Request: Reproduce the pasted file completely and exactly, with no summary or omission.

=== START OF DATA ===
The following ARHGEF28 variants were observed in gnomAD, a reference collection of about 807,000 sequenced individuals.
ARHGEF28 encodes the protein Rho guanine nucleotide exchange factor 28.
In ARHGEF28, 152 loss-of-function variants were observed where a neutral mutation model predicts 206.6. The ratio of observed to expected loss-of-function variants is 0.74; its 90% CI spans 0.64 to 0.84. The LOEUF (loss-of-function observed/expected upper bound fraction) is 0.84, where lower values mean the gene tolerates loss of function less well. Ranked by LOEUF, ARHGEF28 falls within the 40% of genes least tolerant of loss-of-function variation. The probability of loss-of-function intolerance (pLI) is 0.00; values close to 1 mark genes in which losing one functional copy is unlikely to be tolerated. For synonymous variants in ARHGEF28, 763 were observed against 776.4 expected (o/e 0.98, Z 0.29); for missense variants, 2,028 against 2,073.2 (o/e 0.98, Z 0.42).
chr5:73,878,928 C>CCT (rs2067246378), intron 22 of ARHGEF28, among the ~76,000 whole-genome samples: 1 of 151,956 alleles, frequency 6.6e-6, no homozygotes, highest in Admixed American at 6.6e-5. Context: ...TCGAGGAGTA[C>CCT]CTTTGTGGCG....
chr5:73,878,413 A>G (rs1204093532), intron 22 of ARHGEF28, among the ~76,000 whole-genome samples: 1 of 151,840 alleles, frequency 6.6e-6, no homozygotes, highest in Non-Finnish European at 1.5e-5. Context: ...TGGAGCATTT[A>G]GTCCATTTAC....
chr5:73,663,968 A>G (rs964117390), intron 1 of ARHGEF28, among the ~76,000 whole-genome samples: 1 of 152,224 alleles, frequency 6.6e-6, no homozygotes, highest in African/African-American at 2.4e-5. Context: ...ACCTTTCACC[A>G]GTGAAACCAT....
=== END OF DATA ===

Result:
The following ARHGEF28 variants were observed in gnomAD, a reference collection of about 807,000 sequenced individuals.
ARHGEF28 encodes the protein Rho guanine nucleotide exchange factor 28.
In ARHGEF28, 152 loss-of-function variants were observed where a neutral mutation model predicts 206.6. The ratio of observed to expected loss-of-function variants is 0.74; its 90% CI spans 0.64 to 0.84. The LOEUF (loss-of-function observed/expected upper bound fraction) is 0.84, where lower values mean the gene tolerates loss of function less well. Ranked by LOEUF, ARHGEF28 falls within the 40% of genes least tolerant of loss-of-function variation. The probability of loss-of-function intolerance (pLI) is 0.00; values close to 1 mark genes in which losing one functional copy is unlikely to be tolerated. For synonymous variants in ARHGEF28, 763 were observed against 776.4 expected (o/e 0.98, Z 0.29); for missense variants, 2,028 against 2,073.2 (o/e 0.98, Z 0.42).
chr5:73,878,928 C>CCT (rs2067246378), intron 22 of ARHGEF28, among the ~76,000 whole-genome samples: 1 of 151,956 alleles, frequency 6.6e-6, no homozygotes, highest in Admixed American at 6.6e-5. Context: ...TCGAGGAGTA[C>CCT]CTTTGTGGCG....
chr5:73,878,413 A>G (rs1204093532), intron 22 of ARHGEF28, among the ~76,000 whole-genome samples: 1 of 151,840 alleles, frequency 6.6e-6, no homozygotes, highest in Non-Finnish European at 1.5e-5. Context: ...TGGAGCATTT[A>G]GTCCATTTAC....
chr5:73,663,968 A>G (rs964117390), intron 1 of ARHGEF28, among the ~76,000 whole-genome samples: 1 of 152,224 alleles, frequency 6.6e-6, no homozygotes, highest in African/African-American at 2.4e-5. Context: ...ACCTTTCACC[A>G]GTGAAACCAT....